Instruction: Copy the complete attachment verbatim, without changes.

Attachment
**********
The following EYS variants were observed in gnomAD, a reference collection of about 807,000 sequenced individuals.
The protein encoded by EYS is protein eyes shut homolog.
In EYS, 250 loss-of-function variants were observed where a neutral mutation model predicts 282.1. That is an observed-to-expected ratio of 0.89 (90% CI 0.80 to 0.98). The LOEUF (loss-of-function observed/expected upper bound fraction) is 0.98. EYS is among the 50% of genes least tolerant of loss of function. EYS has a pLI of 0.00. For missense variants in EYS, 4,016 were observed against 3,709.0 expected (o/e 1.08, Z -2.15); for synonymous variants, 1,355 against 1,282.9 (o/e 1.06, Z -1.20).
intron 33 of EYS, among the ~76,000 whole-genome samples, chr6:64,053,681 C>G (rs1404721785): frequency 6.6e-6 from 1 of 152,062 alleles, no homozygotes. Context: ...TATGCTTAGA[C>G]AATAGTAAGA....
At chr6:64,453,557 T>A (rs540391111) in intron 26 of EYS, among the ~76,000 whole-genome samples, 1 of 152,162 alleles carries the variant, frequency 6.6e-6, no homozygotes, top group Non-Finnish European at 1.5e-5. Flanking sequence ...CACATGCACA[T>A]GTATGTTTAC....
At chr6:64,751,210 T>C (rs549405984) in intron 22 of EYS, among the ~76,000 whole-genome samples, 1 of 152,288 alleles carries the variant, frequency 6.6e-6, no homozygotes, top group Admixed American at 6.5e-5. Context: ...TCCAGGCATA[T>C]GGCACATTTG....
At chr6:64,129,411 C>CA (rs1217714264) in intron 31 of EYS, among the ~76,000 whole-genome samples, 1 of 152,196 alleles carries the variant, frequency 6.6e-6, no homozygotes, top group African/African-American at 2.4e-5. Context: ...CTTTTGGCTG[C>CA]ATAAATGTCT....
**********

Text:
The following EYS variants were observed in gnomAD, a reference collection of about 807,000 sequenced individuals.
The protein encoded by EYS is protein eyes shut homolog.
In EYS, 250 loss-of-function variants were observed where a neutral mutation model predicts 282.1. That is an observed-to-expected ratio of 0.89 (90% CI 0.80 to 0.98). The LOEUF (loss-of-function observed/expected upper bound fraction) is 0.98. EYS is among the 50% of genes least tolerant of loss of function. EYS has a pLI of 0.00. For missense variants in EYS, 4,016 were observed against 3,709.0 expected (o/e 1.08, Z -2.15); for synonymous variants, 1,355 against 1,282.9 (o/e 1.06, Z -1.20).
intron 33 of EYS, among the ~76,000 whole-genome samples, chr6:64,053,681 C>G (rs1404721785): frequency 6.6e-6 from 1 of 152,062 alleles, no homozygotes. Context: ...TATGCTTAGA[C>G]AATAGTAAGA....
At chr6:64,453,557 T>A (rs540391111) in intron 26 of EYS, among the ~76,000 whole-genome samples, 1 of 152,162 alleles carries the variant, frequency 6.6e-6, no homozygotes, top group Non-Finnish European at 1.5e-5. Flanking sequence ...CACATGCACA[T>A]GTATGTTTAC....
At chr6:64,751,210 T>C (rs549405984) in intron 22 of EYS, among the ~76,000 whole-genome samples, 1 of 152,288 alleles carries the variant, frequency 6.6e-6, no homozygotes, top group Admixed American at 6.5e-5. Context: ...TCCAGGCATA[T>C]GGCACATTTG....
At chr6:64,129,411 C>CA (rs1217714264) in intron 31 of EYS, among the ~76,000 whole-genome samples, 1 of 152,196 alleles carries the variant, frequency 6.6e-6, no homozygotes, top group African/African-American at 2.4e-5. Context: ...CTTTTGGCTG[C>CA]ATAAATGTCT....